This is not a call for sympathy. We are not alone in this. All t1 families are going through this exact same thing everyday. This is just a reality check for those that may not know.

We need a cure.

Team Blackdogsrule

 

 

 

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6 Comments

  1. I completely agree. Type 1 infiltrates every aspect of our lives. It would be impossible not to mention it for a day.

  2. ….I think my pancreas deserves a big ‘thank you!!!’

  3. My 35 year old daughter was just diagnosed with type 1 in July. It has been an ongoing challenge at her age. I can only imagine what it is like with a small child.

  4. I don’t think that mentioning Diabetes is saying it is controlling your life. You have to embrace what life throws at you so that you can deal with it and over come it. Mentioning it is not letting it control your life. It is accepting it and living a full life DESPITE it. We encourage our daughter to deal with it. We joke about it, we make these hard times lighthearted, to show her it doesn’t have to weigh her down. If we were not allowed to talk about it, that would be a sad thing. It would become a burden. Yes, our daughter had type 1. No, type 1 does NOT have her!!

  5. Loved reading this as we are also the same! No days off, and horrible watching our children go through all they do. We are also starting the process of introducing our 2 year old Springer Spaniel to low bloods. Like you, we process every day by every hour (sometimes more!). Thanks for writing this…it makes me feel just a little less alone.

  6. A life in the day of a diabetic 11 yo:

    October 5, 2013 – Saturday

    3am – 2nd nighttime check BS=190

    8am – Check BS for breakfast. BS=183 Calculate carbs. Calculate carb to insulin ratio to get how much insulin to cover her food. Calculate correction factor because BS is out of target range. Draw up Humalog (short acting insulin). Draw up Lantus (long acting insulin). Inject. Eat Breakfast.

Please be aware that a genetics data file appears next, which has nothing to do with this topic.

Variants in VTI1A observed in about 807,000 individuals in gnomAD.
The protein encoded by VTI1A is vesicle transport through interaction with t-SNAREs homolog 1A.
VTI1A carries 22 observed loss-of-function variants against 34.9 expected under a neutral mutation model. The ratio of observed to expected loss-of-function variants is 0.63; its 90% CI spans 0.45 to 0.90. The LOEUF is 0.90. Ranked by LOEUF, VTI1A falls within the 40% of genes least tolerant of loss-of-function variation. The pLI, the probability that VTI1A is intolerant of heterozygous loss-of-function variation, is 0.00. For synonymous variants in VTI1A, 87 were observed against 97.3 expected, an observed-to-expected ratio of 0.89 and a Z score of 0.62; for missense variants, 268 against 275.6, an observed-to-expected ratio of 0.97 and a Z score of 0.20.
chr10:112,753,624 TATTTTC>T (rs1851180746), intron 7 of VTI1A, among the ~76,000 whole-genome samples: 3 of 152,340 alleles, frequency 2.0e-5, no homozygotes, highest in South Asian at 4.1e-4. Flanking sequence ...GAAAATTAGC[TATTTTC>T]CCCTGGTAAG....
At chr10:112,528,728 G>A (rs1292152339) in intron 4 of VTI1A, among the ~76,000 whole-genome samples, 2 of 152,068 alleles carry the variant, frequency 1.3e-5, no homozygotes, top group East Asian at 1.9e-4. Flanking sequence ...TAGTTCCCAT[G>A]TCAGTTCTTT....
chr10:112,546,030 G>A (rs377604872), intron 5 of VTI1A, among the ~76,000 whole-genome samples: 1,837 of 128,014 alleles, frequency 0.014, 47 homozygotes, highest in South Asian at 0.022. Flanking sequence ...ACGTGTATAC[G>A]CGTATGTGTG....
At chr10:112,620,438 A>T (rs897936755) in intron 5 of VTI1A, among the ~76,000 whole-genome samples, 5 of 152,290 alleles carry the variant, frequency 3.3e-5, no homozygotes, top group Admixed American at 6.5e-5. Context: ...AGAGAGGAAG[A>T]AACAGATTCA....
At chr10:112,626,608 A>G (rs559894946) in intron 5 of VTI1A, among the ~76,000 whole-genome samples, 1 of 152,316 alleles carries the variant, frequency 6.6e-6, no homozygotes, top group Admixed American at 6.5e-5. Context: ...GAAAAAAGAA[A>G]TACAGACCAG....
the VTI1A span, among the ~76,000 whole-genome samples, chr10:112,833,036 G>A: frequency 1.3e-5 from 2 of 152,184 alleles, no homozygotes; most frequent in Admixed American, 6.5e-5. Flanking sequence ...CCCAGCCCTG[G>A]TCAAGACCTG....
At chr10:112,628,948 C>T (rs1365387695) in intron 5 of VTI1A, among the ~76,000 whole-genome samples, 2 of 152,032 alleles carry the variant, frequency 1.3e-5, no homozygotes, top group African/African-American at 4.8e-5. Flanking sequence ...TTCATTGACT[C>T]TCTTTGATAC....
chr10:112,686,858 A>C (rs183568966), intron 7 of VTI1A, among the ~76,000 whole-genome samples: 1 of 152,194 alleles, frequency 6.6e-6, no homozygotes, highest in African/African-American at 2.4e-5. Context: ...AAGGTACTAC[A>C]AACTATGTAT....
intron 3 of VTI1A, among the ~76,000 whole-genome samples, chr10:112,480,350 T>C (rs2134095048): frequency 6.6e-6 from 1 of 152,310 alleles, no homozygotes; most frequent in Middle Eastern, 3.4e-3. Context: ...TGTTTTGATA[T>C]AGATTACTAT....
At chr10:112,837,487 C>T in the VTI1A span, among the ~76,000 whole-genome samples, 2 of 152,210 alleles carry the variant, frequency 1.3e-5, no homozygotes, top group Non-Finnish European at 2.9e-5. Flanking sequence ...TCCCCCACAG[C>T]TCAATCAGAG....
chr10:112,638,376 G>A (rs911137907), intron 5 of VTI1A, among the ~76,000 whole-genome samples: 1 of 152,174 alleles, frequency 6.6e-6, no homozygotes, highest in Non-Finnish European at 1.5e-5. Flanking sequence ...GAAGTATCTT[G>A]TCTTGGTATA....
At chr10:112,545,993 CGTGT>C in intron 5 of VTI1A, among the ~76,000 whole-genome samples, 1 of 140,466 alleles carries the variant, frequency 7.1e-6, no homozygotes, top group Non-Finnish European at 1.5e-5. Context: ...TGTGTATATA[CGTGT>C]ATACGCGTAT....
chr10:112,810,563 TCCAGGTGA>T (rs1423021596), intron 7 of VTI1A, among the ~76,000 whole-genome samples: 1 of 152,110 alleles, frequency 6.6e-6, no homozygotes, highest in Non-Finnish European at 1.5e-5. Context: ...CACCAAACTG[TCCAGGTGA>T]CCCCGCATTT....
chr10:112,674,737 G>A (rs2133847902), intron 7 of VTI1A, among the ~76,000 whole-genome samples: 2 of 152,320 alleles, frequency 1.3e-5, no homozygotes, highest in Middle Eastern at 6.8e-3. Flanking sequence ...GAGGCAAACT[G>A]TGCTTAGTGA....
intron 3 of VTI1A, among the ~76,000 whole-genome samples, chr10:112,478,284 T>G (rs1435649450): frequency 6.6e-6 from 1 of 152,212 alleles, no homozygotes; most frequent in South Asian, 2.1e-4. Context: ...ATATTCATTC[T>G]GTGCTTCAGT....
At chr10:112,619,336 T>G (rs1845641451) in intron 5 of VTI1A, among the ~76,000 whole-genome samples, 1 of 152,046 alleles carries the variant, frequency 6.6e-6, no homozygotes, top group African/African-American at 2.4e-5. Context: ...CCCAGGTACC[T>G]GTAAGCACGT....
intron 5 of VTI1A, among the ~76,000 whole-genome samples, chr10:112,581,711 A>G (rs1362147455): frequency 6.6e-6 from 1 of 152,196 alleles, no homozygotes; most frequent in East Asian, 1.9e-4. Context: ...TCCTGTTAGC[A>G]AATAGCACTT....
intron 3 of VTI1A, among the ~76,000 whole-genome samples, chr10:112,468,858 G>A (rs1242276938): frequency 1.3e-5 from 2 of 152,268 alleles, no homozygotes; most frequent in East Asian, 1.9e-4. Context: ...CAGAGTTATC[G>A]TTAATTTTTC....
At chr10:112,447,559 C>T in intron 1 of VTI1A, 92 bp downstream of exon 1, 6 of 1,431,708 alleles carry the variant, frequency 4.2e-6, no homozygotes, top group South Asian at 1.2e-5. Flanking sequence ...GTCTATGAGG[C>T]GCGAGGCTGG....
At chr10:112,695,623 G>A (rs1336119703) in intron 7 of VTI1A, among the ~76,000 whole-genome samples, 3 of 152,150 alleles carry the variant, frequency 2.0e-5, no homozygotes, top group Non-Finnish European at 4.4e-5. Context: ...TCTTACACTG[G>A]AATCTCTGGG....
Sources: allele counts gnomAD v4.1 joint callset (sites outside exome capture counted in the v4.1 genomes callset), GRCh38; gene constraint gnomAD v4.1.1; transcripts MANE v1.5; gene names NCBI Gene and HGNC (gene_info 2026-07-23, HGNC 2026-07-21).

10:46am – Check BS for mid-morning. BS=280 (Lantus change today will make the next two days of numbers really messed up.) Cannot correct because Humalog hasn’t finished running it’s course. Wait and see what lunch numbers are like at 12pm.

    12pm – Check BS for lunch. BS=260. Weigh food. Calculate carbs to insulin ratio (which is different from the breakfast ratio). Calculate correction factor because BS is out of target range. Draw up Humalog. Inject. Eat lunch.

    3pm – Check BS for snacktime. BS= 115. (yea! Finally!!) Calculate carbs to insulin
    ratio for snack. Draw up Humalog. Inject. Eat snack.

    6:28pm – Check BS for dinner. BS=80. Low but ok as long as we eat now. Measure out her dinner with measuring cups. Calculate carb to insulin ratio (different from the other meals). Draw up insulin. Inject. Eat dinner.

    8:50pm – Check BS for bedtime. BS=74. Way to low to go to bed. Juice given (15g fast acting sugar). Now we wait.

    9:05pm – Check BS again. BS=96. Almost there. Juice given. Wait.

    9:24pm – Check BS again. BS=117. Acceptable for bedtime. Snack given to keep BS up. 3 crackers with peanut butter. Draw up nighttime Lantus dose. Inject. Go to bed.

    11:10pm – First nighttime check. Check BS. BS=124.

    All in all, quite a boring day, diabetes wise. Only 10 BS checks (finger pokes) and only 6 injections. Bare minimum reached.